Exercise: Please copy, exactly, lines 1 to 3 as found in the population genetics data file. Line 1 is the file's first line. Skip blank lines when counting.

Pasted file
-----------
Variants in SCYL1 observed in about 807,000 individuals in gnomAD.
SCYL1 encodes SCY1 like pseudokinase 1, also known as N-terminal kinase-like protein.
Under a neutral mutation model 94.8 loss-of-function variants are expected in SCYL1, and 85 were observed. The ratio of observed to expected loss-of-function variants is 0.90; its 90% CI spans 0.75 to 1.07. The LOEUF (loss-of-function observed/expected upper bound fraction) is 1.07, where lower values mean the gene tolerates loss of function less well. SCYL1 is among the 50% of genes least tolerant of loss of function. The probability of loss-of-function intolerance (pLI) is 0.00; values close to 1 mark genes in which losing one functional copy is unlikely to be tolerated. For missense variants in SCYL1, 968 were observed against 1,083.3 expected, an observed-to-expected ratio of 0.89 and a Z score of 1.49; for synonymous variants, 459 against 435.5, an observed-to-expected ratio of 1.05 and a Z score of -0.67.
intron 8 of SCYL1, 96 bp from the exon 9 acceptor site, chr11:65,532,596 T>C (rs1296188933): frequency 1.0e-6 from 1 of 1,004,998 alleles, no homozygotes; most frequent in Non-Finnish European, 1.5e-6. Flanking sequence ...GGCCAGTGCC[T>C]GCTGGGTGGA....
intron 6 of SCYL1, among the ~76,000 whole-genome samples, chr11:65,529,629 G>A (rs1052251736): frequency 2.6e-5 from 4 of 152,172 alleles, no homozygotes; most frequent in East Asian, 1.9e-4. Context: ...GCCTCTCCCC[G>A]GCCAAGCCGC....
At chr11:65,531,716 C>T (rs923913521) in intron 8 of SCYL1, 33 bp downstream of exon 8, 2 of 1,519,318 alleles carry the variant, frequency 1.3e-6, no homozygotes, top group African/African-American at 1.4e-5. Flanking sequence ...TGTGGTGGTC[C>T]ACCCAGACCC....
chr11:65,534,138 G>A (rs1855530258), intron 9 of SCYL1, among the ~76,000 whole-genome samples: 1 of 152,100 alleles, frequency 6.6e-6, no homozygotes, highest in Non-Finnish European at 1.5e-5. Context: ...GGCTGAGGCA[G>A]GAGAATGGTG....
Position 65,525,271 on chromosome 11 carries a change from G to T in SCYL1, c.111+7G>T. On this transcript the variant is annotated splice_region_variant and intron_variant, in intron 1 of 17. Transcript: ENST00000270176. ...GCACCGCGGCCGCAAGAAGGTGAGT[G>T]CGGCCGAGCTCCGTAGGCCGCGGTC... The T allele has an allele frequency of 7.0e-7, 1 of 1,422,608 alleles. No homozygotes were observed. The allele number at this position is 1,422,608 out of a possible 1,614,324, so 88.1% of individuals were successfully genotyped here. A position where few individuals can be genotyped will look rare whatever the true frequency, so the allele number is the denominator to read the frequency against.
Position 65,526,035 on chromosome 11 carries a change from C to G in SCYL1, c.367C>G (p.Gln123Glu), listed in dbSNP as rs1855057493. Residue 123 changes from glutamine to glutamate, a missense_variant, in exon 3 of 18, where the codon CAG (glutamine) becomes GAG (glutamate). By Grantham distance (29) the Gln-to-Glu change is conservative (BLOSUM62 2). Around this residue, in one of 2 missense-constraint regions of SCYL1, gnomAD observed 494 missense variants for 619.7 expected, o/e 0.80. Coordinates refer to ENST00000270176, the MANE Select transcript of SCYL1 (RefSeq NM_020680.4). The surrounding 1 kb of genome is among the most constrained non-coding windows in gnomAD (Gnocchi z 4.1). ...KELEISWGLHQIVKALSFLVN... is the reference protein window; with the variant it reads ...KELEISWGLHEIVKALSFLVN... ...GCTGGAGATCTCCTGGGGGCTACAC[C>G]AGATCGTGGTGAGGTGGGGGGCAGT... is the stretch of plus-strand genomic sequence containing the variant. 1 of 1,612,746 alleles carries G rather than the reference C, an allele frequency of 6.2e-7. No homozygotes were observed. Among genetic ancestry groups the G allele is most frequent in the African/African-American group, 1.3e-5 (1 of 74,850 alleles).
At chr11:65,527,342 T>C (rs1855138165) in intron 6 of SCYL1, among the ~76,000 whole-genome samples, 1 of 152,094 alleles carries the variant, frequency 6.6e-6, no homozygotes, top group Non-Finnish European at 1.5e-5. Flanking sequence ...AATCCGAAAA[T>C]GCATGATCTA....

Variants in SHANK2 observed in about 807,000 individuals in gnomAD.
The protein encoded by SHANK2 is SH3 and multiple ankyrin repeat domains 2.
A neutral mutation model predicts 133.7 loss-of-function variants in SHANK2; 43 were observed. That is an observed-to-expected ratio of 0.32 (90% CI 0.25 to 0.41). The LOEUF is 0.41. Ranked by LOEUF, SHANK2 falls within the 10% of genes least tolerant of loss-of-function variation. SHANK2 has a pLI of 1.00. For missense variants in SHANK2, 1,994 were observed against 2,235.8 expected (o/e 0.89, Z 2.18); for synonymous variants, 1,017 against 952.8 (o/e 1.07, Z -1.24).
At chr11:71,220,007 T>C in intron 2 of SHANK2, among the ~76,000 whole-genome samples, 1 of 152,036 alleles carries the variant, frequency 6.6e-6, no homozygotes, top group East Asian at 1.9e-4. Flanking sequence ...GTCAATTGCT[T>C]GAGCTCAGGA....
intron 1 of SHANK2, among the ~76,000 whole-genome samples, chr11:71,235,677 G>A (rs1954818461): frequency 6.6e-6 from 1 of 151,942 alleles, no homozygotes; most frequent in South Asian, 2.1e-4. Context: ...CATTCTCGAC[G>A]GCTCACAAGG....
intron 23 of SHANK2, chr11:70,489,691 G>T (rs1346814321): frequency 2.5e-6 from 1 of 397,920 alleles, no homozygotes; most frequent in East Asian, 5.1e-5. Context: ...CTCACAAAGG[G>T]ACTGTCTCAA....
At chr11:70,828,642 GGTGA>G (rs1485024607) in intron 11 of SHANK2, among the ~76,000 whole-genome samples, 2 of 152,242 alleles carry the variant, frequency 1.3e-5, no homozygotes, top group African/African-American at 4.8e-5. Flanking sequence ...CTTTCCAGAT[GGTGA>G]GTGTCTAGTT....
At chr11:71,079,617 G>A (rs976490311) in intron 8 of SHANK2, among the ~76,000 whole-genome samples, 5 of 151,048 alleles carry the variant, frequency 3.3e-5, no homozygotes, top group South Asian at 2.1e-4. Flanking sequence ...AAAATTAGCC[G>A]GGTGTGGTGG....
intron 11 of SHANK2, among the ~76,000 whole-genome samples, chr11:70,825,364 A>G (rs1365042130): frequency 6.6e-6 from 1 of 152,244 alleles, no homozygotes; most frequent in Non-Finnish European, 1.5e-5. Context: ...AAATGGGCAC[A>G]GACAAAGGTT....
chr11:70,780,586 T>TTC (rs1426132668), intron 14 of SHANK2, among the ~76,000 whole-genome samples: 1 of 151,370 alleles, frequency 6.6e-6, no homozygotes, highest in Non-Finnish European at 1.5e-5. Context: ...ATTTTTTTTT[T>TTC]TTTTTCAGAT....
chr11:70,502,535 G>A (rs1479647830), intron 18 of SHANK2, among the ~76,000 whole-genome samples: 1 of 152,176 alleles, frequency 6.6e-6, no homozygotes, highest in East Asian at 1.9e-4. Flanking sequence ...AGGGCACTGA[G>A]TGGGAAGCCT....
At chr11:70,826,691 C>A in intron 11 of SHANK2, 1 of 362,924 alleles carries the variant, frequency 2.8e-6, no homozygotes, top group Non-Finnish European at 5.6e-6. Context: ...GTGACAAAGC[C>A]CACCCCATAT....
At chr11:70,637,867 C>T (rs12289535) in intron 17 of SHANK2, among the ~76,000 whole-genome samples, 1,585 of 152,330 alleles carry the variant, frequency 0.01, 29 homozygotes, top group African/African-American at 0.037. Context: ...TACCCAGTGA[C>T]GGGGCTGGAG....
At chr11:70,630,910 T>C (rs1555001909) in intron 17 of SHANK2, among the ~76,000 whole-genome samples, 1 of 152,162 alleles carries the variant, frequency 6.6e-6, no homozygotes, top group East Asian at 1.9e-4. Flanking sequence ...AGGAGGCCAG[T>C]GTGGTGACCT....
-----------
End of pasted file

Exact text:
Variants in SCYL1 observed in about 807,000 individuals in gnomAD.
SCYL1 encodes SCY1 like pseudokinase 1, also known as N-terminal kinase-like protein.
Under a neutral mutation model 94.8 loss-of-function variants are expected in SCYL1, and 85 were observed. The ratio of observed to expected loss-of-function variants is 0.90; its 90% CI spans 0.75 to 1.07. The LOEUF (loss-of-function observed/expected upper bound fraction) is 1.07, where lower values mean the gene tolerates loss of function less well. SCYL1 is among the 50% of genes least tolerant of loss of function. The probability of loss-of-function intolerance (pLI) is 0.00; values close to 1 mark genes in which losing one functional copy is unlikely to be tolerated. For missense variants in SCYL1, 968 were observed against 1,083.3 expected, an observed-to-expected ratio of 0.89 and a Z score of 1.49; for synonymous variants, 459 against 435.5, an observed-to-expected ratio of 1.05 and a Z score of -0.67.